THE toppling of Edward Colston's statue at the weekend has prompted councils across England to launch reviews into whether monuments in their area could be deemed offensive.

Earlier this week, the Local Government Association's Labour group asked its Labour council leaders to review "the appropriateness" of monuments and statues in their towns and cities.

Since the weekend, campaigners have deemed a number of statues across England to have links to 'celebrating racism and slavery,' with 'Topple the Racists' divising their own hit list.

But in the North-East, a number of councils have said they will review statues and monuments with some confirming they will open consultations with residents in their area.

The Northern Echo asked councils across the region how they were responding to the growing concerns and asked for their response.

Durham County Council

Durham County Council told us it was currently conducting an audit of all its statues and monuments under its care.

A spokesperson said: “We stand together with people and organisations across the world in rejecting racism, discrimination and prejudice in any form.

"We believe in equality and work closely with our partners and communities to maintain our county as a welcoming, inclusive and safe place for all.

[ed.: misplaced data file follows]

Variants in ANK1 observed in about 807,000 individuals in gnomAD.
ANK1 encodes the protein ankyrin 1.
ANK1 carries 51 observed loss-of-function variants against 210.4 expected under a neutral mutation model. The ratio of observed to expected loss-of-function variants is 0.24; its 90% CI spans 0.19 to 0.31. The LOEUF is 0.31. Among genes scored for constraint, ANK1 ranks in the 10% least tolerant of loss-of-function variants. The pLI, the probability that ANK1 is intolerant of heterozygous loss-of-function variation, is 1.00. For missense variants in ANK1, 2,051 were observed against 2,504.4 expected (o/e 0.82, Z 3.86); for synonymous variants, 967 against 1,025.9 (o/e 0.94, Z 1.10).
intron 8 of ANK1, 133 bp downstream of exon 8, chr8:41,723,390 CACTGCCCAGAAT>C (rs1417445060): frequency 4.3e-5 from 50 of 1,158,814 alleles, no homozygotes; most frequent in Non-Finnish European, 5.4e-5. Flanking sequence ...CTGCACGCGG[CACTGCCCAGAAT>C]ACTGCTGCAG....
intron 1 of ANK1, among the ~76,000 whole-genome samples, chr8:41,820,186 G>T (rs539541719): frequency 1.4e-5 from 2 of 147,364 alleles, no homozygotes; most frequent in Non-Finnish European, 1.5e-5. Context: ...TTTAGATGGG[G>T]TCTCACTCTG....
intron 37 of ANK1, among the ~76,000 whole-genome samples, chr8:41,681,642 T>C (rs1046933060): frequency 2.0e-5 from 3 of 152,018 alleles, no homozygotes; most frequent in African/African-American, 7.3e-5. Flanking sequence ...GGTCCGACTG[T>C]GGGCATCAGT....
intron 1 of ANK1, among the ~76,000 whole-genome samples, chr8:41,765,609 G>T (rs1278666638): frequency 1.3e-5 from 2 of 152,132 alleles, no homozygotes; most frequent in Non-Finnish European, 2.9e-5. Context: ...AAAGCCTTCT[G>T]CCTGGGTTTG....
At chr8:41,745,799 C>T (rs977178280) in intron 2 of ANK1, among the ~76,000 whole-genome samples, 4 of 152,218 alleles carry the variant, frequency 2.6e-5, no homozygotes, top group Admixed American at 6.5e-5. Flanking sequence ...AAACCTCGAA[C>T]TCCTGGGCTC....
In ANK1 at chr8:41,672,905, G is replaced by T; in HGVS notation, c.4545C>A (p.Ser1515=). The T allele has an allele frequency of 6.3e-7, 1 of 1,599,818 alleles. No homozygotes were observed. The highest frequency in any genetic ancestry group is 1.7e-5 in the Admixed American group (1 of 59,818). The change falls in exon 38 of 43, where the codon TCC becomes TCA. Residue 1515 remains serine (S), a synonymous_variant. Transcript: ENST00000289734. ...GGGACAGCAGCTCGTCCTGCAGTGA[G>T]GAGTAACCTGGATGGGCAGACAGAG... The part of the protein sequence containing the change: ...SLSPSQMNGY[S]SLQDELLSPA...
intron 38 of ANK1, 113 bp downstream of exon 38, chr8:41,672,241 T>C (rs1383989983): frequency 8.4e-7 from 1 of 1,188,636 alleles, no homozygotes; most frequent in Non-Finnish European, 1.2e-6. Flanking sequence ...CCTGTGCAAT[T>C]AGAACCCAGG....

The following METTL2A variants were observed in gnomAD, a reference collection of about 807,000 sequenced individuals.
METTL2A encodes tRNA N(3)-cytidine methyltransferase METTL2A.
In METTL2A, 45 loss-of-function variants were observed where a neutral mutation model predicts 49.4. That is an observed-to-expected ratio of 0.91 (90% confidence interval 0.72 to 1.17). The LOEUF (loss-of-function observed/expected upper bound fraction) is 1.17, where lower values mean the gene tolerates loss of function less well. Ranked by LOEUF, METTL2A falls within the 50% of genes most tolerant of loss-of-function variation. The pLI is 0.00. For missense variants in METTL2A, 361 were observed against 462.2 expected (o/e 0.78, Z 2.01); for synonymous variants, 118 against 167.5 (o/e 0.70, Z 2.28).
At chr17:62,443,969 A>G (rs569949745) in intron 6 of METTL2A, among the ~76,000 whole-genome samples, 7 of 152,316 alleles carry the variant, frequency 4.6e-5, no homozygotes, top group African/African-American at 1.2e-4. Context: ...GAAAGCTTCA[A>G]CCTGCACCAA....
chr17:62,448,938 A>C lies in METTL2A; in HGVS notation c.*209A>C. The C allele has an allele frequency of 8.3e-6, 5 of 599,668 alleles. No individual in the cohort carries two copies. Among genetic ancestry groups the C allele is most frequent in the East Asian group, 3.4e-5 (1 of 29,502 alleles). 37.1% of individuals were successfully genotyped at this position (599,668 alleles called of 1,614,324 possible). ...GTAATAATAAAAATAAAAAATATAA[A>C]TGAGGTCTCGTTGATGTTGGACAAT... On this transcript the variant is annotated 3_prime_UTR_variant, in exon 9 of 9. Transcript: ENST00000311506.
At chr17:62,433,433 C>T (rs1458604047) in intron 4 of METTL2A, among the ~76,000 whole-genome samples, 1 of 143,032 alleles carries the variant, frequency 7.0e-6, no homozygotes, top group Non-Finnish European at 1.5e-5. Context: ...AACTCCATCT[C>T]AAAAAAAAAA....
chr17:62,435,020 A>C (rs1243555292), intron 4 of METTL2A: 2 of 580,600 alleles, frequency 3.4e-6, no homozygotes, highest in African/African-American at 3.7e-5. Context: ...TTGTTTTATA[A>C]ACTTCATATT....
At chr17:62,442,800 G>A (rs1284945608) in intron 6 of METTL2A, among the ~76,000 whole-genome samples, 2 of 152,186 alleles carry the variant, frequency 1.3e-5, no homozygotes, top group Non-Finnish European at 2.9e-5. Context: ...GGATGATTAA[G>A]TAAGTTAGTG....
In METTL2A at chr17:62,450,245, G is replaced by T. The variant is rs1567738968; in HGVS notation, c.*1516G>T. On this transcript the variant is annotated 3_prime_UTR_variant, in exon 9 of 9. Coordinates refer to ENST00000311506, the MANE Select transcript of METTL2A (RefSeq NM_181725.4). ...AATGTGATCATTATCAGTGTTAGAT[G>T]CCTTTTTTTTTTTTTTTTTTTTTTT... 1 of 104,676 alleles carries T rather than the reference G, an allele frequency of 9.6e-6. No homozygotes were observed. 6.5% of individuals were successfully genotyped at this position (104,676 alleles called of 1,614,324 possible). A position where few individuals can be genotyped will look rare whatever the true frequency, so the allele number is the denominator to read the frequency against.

“We are currently conducting an audit of all statues and monuments under our care to establish if any of these structures conflict with these principles.”  

Darlington Borough Council

The council said, while it did not believe it had any statues in Darlington which were inappropriate, it would be keeping this 'under review' in light of any information brought to its attention.

Newcastle City Council

The council said it was reviewing all of its statues in response to anti-racism protests but said compared to other cities, it had 'very few historic statues' which were controversial.

A spokesperson said: “Statues are a very emotive issue which divide public opinion. In years gone by many public figures became wealthy in ways we would find wholly unacceptable today and it's important that we learn from that in the progress of social justice – but as a listening council we welcome any representations for and against the suitability of statues today.

“While we defend people’s right to protest, the removal of statues by force is a criminal offence, and police will take action if this happens in our city. We will only remove a statue after careful consultation with the public."

Sunderland City Council

Councillor John Kelly, Cabinet Member for Communities and Culture at Sunderland City Council said: "As a listening council, we take on board the views of the public and should we be requested to look again at our monuments, statues and public commemorations, we will do that and consult further.

"Subject to consultation with the public of Sunderland, we would then look to reach a consensus.

"We do not support illegal action and criminal damage to any monument or statue, whoever it might be."

  • The Northern Echo did contact North Yorkshire County Council but has not recieved a response at time of publication